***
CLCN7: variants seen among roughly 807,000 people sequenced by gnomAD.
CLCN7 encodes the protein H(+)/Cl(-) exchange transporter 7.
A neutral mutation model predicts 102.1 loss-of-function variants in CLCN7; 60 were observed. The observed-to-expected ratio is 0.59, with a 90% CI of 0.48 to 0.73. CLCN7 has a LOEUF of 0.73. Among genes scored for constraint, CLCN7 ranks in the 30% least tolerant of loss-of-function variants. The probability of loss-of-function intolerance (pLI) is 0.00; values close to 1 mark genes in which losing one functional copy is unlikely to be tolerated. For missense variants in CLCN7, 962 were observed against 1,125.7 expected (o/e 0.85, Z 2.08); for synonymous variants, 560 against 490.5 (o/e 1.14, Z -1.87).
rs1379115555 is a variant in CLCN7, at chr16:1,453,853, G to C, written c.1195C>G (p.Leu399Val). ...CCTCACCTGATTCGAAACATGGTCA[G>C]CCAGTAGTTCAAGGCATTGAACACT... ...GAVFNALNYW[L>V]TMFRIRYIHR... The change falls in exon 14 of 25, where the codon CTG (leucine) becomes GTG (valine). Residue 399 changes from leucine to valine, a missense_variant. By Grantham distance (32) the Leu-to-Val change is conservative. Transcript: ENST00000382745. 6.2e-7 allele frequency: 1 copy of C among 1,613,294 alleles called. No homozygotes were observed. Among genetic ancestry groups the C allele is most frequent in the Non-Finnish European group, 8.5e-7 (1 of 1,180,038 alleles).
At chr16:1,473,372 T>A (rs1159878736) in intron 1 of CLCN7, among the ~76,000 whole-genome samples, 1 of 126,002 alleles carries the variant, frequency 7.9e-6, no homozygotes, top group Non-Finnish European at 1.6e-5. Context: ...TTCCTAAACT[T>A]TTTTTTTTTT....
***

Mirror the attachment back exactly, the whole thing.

CLCN7: variants seen among roughly 807,000 people sequenced by gnomAD.
CLCN7 encodes the protein H(+)/Cl(-) exchange transporter 7.
A neutral mutation model predicts 102.1 loss-of-function variants in CLCN7; 60 were observed. The observed-to-expected ratio is 0.59, with a 90% CI of 0.48 to 0.73. CLCN7 has a LOEUF of 0.73. Among genes scored for constraint, CLCN7 ranks in the 30% least tolerant of loss-of-function variants. The probability of loss-of-function intolerance (pLI) is 0.00; values close to 1 mark genes in which losing one functional copy is unlikely to be tolerated. For missense variants in CLCN7, 962 were observed against 1,125.7 expected (o/e 0.85, Z 2.08); for synonymous variants, 560 against 490.5 (o/e 1.14, Z -1.87).
rs1379115555 is a variant in CLCN7, at chr16:1,453,853, G to C, written c.1195C>G (p.Leu399Val). ...CCTCACCTGATTCGAAACATGGTCA[G>C]CCAGTAGTTCAAGGCATTGAACACT... ...GAVFNALNYW[L>V]TMFRIRYIHR... The change falls in exon 14 of 25, where the codon CTG (leucine) becomes GTG (valine). Residue 399 changes from leucine to valine, a missense_variant. By Grantham distance (32) the Leu-to-Val change is conservative. Transcript: ENST00000382745. 6.2e-7 allele frequency: 1 copy of C among 1,613,294 alleles called. No homozygotes were observed. Among genetic ancestry groups the C allele is most frequent in the Non-Finnish European group, 8.5e-7 (1 of 1,180,038 alleles).
At chr16:1,473,372 T>A (rs1159878736) in intron 1 of CLCN7, among the ~76,000 whole-genome samples, 1 of 126,002 alleles carries the variant, frequency 7.9e-6, no homozygotes, top group Non-Finnish European at 1.6e-5. Context: ...TTCCTAAACT[T>A]TTTTTTTTTT....